How each team’s trade deadline actions reflected its organizational philosophy

WASHINGTON – Now that the dust has settled on what turned out to be the most active Major League trade deadline in 21 years, how has the potential postseason landscape changed? And what did the way each team acted under pressure say about its organizational philosophy as a whole?

As the only major American sport without a salary cap, baseball gives us the widest variance in management styles. But the differences in strategy go beyond simple matters of payroll. That’s why the Nationals–despite sporting a top 10 payroll in the league–actually stayed true to their ethos despite not spending heavily either monetarily or in prospects for a top echelon relief pitcher. Instead, they traded lesser talent to the Pirates for Mark Melancon.

ESPN’s Buster Olney, not usually one to indulge in hyperbole, said he “thought the Nats did a terrible job” by insisting on not trading one of their top pitching prospects to land an overpowering arm like Aroldis Chapman or Andrew Miller.

That seems excessive, considering they still landed a quality addition to their bullpen in Melancon, in keeping with the organizational philosophy that general manager Mike Rizzo has always preached –- trying to win today while keeping an eye on the future.

The insistence against trading Lucas Giolito, or any other top prospect, may frustrate fans yearning for the best chance at a title this year, but it is consistent with last year’s mid-season move to acquire Jonathan Papelbon rather than one of the bigger names on the market. And Washington’s decision-making wasn’t the only one that indicated the larger organizational direction.

A year after landing Cole Hamels at the deadline, the Rangers were the beneficiaries of Jonathan Lucroy exercising his no trade clause to opt out of going to Cleveland. And just like last year, the Rangers weren’t afraid to part with top minor league talent to address their biggest need with the best player available. With Adrian Beltre in the limelight of his career, Texas has done what it needs to do immediately to improve a team with legitimate title hopes.

Similarly, the Cubs have seen their window open and have been particularly aggressive in addressing weaknesses, no matter the prospect cost.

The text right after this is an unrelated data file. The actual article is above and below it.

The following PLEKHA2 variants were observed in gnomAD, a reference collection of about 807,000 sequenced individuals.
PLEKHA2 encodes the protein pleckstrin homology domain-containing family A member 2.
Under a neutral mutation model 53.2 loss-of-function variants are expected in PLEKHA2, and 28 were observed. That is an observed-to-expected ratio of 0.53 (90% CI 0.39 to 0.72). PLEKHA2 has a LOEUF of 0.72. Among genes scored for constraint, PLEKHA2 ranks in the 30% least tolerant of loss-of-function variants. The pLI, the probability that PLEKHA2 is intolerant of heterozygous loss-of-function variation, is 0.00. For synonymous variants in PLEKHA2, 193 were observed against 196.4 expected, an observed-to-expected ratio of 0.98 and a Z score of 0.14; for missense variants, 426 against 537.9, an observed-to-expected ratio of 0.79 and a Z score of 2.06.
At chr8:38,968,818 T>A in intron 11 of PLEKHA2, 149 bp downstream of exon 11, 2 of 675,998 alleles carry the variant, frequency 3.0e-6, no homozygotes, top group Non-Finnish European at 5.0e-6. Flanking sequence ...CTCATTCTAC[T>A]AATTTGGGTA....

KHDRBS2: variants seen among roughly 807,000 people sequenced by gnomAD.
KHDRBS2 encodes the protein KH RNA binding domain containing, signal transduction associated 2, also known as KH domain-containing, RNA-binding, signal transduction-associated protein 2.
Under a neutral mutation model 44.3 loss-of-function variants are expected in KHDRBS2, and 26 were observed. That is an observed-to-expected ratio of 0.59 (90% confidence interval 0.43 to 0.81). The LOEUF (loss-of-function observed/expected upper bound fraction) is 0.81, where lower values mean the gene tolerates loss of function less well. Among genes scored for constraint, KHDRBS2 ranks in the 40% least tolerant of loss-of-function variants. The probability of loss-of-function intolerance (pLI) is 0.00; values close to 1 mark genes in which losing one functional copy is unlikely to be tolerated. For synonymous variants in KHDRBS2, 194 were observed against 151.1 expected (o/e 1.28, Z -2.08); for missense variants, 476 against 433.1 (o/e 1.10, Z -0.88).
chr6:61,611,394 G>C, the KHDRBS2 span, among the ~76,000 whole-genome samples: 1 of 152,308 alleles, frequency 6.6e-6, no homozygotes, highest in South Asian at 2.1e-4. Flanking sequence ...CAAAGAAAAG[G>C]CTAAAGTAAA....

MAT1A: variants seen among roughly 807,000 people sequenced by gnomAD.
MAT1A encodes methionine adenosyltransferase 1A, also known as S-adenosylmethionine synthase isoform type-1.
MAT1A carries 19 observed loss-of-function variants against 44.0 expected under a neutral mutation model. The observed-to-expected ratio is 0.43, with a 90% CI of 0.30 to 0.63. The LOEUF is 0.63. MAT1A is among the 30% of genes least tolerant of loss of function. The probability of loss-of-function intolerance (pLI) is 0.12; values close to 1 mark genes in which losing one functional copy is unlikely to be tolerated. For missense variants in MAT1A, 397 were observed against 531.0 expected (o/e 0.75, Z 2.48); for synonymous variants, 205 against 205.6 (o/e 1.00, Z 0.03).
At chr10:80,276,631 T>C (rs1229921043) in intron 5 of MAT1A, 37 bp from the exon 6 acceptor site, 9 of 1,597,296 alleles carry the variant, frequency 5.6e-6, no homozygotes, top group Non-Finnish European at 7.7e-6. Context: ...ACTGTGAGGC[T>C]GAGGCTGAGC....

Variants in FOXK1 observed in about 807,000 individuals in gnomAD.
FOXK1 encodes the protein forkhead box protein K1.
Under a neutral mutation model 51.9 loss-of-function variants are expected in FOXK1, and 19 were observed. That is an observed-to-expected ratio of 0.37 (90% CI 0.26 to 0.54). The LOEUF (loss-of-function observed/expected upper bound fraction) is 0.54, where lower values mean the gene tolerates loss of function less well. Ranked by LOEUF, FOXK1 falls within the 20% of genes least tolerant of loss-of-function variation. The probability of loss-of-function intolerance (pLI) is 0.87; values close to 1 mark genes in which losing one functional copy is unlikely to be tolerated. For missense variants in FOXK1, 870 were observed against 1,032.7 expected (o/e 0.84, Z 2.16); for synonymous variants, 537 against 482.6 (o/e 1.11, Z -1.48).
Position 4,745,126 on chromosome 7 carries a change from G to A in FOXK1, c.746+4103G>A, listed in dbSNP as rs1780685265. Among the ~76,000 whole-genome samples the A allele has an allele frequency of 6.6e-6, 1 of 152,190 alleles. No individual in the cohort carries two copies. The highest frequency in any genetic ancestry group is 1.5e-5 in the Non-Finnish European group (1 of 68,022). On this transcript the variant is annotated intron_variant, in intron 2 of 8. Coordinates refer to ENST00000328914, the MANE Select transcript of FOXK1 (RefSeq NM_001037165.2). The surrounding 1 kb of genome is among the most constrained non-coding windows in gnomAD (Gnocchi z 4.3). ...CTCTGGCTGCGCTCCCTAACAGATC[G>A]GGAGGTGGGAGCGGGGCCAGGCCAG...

Last year’s acquisitions of Tommy Hunter and Dan Haren paled in comparison to Aroldis Chapman this year, but the thought process was the same. The lineup is set on the north side of Chicago, and the biggest room for improvement was at the back end of the bullpen.

While they couldn’t get Lucroy to replace the injured Yan Gomes, Andrew Miller makes a ton of sense for an Indians team with excellent starting pitching, a solid core lineup and a limited payroll.

Miller’s team-friendly contract ($9 million each of the next two seasons after 2016) made him that much more expensive in terms of prospects, but with good reason.

While both Melancon and Chapman will be free agents this winter, Miller gives Cleveland two and a half seasons of established, high quality relief at a well-below market rate.

For a small-market team with a low enough payroll that Miller becomes their highest-paid player this season, the move fits right in.

The Giants are almost always buyers near the deadline, and recently their focus has been on pitching, but never the type of top arm (see: Johnny Cueto last year, or Chris Sale this year) that may be on the market.

They acquired Jake Peavy in 2014 and Mike Leake in 2015, each to help fill out the middle of their rotation. While Matt Moore may still have a high potential ceiling, he fits the same mold.

On the other hand, just like last year, the Mets desperately needed an offensive boost, especially with Lucas Duda potentially missing the rest of the season. And while they could hardly expect the kind of boost Yoenis Cespedes provided them from Jay Bruce, he provides some much needed pop in the lineup.

And while Jon Niese (and earlier reacquisition Kelly Johnson) may not move the fan needle much, he provides a trusted, familiar face with whom the organization is familiar.

A fan could take issue with any one of these approaches — the Cubs and Indians possibly giving up too large a prospect haul for a relief pitcher, the Giants or Nationals settling for lesser-regarded options.

But none of them should have come as particular surprises to anyone who really follows any of these clubs. They each have their own opinions about the best way to win.

We’ll see which ones get vindicated at the end of September, and again at the end of October.

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